# Nielsen & Chuang Exercise 2.2 - “Matrix representations: example” [closed]

Reproduced from Exercise 2.2 of Nielsen & Chuang's Quantum Computation and Quantum Information (10th Anniversary Edition):

Suppose $$V$$ is a vector space with basis vectors $$|0\rangle$$ and $$|1\rangle$$, and $$A$$ is a linear operator from $$V$$ to $$V$$ such that $$A|0\rangle = |1\rangle$$ and $$A|1\rangle = |0\rangle$$. Give a matrix representation for $$A$$, with respect to the input basis $$|0\rangle, |1\rangle$$, and the output basis $$|0\rangle, |1\rangle$$. Find input and output bases which give rise to a different matrix representation of $$A$$.

Note: This question is part of a series attempting to provide worked solutions to the exercises provided in the above book.

## closed as off-topic by Sanchayan Dutta♦Jan 7 at 15:14

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Immediately, we can see that $$A = |1\rangle\langle0| + |0\rangle\langle1|.$$ If the input and out bases are $\{|0\rangle, |1\rangle\}$, then $$|0\rangle = \begin{pmatrix} 1 \\ 0 \end{pmatrix}, \quad |1\rangle = \begin{pmatrix} 0 \\ 1 \end{pmatrix} \quad\textrm{and}\quad \langle0| = \begin{pmatrix} 1 & 0 \end{pmatrix}, \quad \langle1| = \begin{pmatrix} 0 & 1 \end{pmatrix},$$ so we can write the first equation as \begin{align} A &= \begin{pmatrix} 1 \\ 0 \end{pmatrix} \otimes \begin{pmatrix} 0 & 1 \end{pmatrix} + \begin{pmatrix} 0 \\ 1 \end{pmatrix} \otimes \begin{pmatrix} 1 & 0 \end{pmatrix} \\ &= \begin{pmatrix} 0 & 1 \\ 0 & 0 \end{pmatrix} + \begin{pmatrix} 0 & 0 \\ 1 & 0 \end{pmatrix}\\ &= \begin{pmatrix} 0 & 1 \\ 1 & 0 \end{pmatrix} \end{align} to solve the first question. Note that in this case, $A$ is the equal to the bitflip or Pauli $X$ operation.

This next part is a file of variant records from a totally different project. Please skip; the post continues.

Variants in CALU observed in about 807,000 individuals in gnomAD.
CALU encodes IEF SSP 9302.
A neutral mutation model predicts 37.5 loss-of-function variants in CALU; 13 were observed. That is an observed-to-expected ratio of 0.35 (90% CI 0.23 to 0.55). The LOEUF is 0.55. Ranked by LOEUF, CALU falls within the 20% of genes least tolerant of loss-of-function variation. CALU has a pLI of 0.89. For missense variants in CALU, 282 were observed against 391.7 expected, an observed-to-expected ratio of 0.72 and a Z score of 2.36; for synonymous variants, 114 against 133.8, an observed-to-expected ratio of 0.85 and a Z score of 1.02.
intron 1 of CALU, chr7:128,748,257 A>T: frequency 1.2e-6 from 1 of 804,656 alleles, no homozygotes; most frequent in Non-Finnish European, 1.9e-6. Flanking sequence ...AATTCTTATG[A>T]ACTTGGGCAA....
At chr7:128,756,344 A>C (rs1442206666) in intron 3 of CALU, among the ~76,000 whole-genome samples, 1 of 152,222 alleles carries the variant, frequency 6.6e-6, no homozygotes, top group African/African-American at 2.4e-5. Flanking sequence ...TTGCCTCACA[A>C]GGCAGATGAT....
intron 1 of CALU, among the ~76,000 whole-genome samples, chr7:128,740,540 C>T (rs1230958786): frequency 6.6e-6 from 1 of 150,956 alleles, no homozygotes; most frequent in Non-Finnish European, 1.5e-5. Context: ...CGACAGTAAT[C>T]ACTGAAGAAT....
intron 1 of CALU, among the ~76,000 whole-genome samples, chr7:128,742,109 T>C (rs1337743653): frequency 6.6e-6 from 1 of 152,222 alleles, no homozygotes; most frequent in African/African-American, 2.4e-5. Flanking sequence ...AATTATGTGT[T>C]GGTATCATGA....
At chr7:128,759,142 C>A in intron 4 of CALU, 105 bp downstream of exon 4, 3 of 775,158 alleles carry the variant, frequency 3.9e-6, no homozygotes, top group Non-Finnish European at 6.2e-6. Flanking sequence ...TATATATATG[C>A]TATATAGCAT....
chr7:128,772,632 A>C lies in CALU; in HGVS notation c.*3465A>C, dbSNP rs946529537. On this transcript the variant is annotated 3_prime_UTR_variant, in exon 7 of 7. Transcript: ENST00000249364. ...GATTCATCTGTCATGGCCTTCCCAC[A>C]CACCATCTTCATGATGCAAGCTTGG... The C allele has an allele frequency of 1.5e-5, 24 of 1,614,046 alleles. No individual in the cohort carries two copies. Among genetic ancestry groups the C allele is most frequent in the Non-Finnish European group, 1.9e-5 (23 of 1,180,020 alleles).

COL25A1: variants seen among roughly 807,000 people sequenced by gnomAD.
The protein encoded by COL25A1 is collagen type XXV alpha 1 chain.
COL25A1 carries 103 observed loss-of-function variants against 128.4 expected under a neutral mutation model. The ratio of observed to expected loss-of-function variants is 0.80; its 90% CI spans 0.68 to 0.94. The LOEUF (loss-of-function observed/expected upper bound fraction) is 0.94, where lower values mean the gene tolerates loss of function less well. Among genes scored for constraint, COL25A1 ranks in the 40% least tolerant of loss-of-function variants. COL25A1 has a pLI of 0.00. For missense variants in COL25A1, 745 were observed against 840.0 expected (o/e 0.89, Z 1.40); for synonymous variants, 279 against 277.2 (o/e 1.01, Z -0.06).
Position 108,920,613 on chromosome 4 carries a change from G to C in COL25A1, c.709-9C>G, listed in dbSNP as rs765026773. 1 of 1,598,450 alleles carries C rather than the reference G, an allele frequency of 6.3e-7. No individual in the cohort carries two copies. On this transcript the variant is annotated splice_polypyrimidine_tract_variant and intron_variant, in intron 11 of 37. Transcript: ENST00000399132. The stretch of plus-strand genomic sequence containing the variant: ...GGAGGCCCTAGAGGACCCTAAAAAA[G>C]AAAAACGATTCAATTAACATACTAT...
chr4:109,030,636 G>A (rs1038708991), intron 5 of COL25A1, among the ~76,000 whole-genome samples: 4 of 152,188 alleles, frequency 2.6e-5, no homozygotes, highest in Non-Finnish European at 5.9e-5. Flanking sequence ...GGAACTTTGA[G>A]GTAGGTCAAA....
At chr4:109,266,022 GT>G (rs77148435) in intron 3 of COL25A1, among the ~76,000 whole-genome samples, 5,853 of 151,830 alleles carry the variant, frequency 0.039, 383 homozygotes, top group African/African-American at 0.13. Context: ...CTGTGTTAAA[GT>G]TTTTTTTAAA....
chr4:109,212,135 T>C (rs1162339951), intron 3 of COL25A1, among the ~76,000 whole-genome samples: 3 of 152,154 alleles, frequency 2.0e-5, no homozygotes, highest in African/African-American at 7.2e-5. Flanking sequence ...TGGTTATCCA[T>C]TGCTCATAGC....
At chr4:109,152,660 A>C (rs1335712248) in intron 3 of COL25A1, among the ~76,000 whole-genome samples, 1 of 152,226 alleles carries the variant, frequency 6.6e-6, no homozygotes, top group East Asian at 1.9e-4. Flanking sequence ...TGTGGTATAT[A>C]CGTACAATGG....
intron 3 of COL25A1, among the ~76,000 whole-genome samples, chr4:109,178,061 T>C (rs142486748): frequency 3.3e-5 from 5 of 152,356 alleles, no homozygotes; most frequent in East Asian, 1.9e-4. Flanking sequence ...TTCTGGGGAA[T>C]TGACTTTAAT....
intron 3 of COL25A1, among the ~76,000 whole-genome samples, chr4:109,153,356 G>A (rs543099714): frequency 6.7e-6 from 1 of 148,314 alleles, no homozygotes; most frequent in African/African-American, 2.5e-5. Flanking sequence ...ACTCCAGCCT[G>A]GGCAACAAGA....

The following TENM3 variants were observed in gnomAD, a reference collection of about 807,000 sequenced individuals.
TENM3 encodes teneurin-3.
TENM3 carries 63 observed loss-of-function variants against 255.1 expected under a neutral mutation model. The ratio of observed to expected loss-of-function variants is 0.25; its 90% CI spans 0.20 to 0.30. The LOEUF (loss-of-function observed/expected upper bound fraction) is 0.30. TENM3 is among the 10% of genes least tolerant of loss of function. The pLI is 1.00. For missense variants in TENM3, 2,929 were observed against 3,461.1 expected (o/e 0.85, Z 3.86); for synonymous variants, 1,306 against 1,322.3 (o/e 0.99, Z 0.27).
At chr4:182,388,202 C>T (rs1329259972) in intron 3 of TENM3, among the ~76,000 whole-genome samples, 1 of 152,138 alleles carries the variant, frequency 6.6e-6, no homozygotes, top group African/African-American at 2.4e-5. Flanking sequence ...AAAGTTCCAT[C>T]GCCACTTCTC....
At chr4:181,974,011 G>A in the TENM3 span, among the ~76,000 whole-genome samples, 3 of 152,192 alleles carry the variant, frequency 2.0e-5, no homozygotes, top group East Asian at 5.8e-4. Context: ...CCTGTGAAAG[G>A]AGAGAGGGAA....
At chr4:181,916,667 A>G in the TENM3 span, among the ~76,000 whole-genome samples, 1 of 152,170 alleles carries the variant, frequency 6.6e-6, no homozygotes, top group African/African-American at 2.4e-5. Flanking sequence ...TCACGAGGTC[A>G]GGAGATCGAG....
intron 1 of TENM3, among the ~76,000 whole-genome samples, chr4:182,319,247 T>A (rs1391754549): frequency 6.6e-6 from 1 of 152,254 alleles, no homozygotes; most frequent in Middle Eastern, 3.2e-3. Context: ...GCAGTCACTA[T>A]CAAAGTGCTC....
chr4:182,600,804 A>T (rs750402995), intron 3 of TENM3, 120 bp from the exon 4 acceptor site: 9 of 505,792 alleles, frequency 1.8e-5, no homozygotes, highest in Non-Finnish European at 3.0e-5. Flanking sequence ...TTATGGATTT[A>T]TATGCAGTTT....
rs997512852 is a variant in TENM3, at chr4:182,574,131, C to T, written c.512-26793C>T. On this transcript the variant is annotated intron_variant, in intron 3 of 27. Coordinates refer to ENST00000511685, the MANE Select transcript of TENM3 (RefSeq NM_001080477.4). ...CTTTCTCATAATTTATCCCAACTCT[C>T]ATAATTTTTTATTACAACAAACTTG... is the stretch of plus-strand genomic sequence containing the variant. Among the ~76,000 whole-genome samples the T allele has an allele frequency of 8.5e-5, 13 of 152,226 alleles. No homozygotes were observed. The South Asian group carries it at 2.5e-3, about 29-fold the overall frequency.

Secondly, for fun, let us choose to write $A$ in input basis $\{|+\rangle, |-\rangle\}$, where $$|+\rangle = \frac{1}{\sqrt{2}}(|0\rangle + |1\rangle) \quad\textrm{and}\quad |-\rangle = \frac{1}{\sqrt{2}}(|0\rangle - |1\rangle)$$ and output basis $\{|L\rangle, |R\rangle\}$, where $$|L\rangle = \frac{1}{\sqrt{2}}(|0\rangle + i|1\rangle) \quad\textrm{and}\quad |R\rangle = \frac{1}{\sqrt{2}}(|0\rangle - i|1\rangle).$$ Rewriting our original $\{|0\rangle, |1\rangle\}$ bases vectors in terms of the above bases, we find \begin{align} |0\rangle &= \frac{1}{\sqrt{2}}(|+\rangle + |-\rangle) = \frac{1}{\sqrt{2}}(|L\rangle + |R\rangle) \quad \textrm{and}\\ |1\rangle &= \frac{1}{\sqrt{2}}(|+\rangle - |-\rangle) = \frac{i}{\sqrt{2}}(|R\rangle - |L\rangle), \end{align} with $\langle0| = (|0\rangle)^\dagger$ and $\langle1| = (|1\rangle)^\dagger$.
From this we can rewrite $A$ as \begin{align} A &= \frac{i}{2}(|R\rangle - |L\rangle)(\langle+| + \langle-|) + \frac{1}{2}(|L\rangle + |R\rangle)(\langle+| - \langle-|) \\ &= \frac{1}{2}\big[ (1+i)|R\rangle\langle+| + (1-i)|L\rangle\langle+| + (-1+i)|R\rangle\langle-| + (-1-i)|L\rangle\langle-|\big] \\ &= \frac{1+i}{2}(|R\rangle\langle+| - i|L\rangle\langle+| + i|R\rangle\langle-| - |L\rangle\langle-|) \end{align} To get $A$ in the desired matrix form, we then set $$|L\rangle = \begin{pmatrix} 1 \\ 0 \end{pmatrix}, \quad |R\rangle = \begin{pmatrix} 0 \\ 1 \end{pmatrix} \quad\textrm{and}\quad \langle+| = \begin{pmatrix} 1 & 0 \end{pmatrix}, \quad \langle-| = \begin{pmatrix} 0 & 1 \end{pmatrix},$$ such that $$A = \frac{1+i}{2} \begin{pmatrix} -i & -1 \\ 1 & i \end{pmatrix}.$$
• How do you know that $\left|0\right> = \begin{pmatrix} 1 \\ 0 \end{pmatrix}, \quad \left|1\right> = \begin{pmatrix} 0 \\ 1 \end{pmatrix}$ ? Do the vectors always have these components? – Turkhan Badalov Aug 15 '18 at 20:20
• Just wondering, if $\left|0\right> = \begin{pmatrix} 1 \\ 0 \end{pmatrix}$, why is it that you can also set $\left|L\right> = \begin{pmatrix} 1 \\ 0 \end{pmatrix}$? – wei2912 Nov 4 '18 at 8:28